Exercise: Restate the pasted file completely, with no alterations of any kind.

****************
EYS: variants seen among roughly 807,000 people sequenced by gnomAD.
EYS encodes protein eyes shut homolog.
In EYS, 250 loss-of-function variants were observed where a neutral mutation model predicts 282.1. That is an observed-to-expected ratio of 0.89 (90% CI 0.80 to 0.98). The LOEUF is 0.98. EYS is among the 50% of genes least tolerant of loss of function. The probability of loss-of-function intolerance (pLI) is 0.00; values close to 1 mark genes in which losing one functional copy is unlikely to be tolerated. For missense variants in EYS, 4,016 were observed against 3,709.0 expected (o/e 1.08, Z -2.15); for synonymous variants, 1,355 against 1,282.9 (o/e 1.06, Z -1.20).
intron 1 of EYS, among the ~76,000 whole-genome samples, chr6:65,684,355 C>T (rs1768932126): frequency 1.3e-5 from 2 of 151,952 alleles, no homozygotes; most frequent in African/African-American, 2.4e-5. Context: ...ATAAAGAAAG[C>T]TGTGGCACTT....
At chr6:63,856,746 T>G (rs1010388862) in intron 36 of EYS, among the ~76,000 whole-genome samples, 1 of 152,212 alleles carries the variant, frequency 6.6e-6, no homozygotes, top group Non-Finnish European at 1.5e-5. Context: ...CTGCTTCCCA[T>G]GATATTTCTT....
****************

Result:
EYS: variants seen among roughly 807,000 people sequenced by gnomAD.
EYS encodes protein eyes shut homolog.
In EYS, 250 loss-of-function variants were observed where a neutral mutation model predicts 282.1. That is an observed-to-expected ratio of 0.89 (90% CI 0.80 to 0.98). The LOEUF is 0.98. EYS is among the 50% of genes least tolerant of loss of function. The probability of loss-of-function intolerance (pLI) is 0.00; values close to 1 mark genes in which losing one functional copy is unlikely to be tolerated. For missense variants in EYS, 4,016 were observed against 3,709.0 expected (o/e 1.08, Z -2.15); for synonymous variants, 1,355 against 1,282.9 (o/e 1.06, Z -1.20).
intron 1 of EYS, among the ~76,000 whole-genome samples, chr6:65,684,355 C>T (rs1768932126): frequency 1.3e-5 from 2 of 151,952 alleles, no homozygotes; most frequent in African/African-American, 2.4e-5. Context: ...ATAAAGAAAG[C>T]TGTGGCACTT....
At chr6:63,856,746 T>G (rs1010388862) in intron 36 of EYS, among the ~76,000 whole-genome samples, 1 of 152,212 alleles carries the variant, frequency 6.6e-6, no homozygotes, top group Non-Finnish European at 1.5e-5. Context: ...CTGCTTCCCA[T>G]GATATTTCTT....